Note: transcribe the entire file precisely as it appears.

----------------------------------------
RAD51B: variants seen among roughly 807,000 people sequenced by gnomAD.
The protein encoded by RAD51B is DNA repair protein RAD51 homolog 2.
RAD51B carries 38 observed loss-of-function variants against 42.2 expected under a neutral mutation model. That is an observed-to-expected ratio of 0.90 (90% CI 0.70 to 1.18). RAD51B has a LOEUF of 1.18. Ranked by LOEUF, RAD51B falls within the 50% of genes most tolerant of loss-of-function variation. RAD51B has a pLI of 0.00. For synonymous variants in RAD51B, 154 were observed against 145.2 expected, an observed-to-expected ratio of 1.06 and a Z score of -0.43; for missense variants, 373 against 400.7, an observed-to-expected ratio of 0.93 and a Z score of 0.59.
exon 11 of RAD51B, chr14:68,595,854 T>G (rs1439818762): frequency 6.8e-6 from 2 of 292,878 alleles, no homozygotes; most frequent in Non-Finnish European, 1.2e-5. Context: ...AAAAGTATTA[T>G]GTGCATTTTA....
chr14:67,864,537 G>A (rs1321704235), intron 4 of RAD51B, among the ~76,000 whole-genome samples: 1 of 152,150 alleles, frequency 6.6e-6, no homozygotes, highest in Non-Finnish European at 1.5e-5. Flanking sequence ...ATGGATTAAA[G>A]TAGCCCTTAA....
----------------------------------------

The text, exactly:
RAD51B: variants seen among roughly 807,000 people sequenced by gnomAD.
The protein encoded by RAD51B is DNA repair protein RAD51 homolog 2.
RAD51B carries 38 observed loss-of-function variants against 42.2 expected under a neutral mutation model. That is an observed-to-expected ratio of 0.90 (90% CI 0.70 to 1.18). RAD51B has a LOEUF of 1.18. Ranked by LOEUF, RAD51B falls within the 50% of genes most tolerant of loss-of-function variation. RAD51B has a pLI of 0.00. For synonymous variants in RAD51B, 154 were observed against 145.2 expected, an observed-to-expected ratio of 1.06 and a Z score of -0.43; for missense variants, 373 against 400.7, an observed-to-expected ratio of 0.93 and a Z score of 0.59.
exon 11 of RAD51B, chr14:68,595,854 T>G (rs1439818762): frequency 6.8e-6 from 2 of 292,878 alleles, no homozygotes; most frequent in Non-Finnish European, 1.2e-5. Context: ...AAAAGTATTA[T>G]GTGCATTTTA....
chr14:67,864,537 G>A (rs1321704235), intron 4 of RAD51B, among the ~76,000 whole-genome samples: 1 of 152,150 alleles, frequency 6.6e-6, no homozygotes, highest in Non-Finnish European at 1.5e-5. Flanking sequence ...ATGGATTAAA[G>A]TAGCCCTTAA....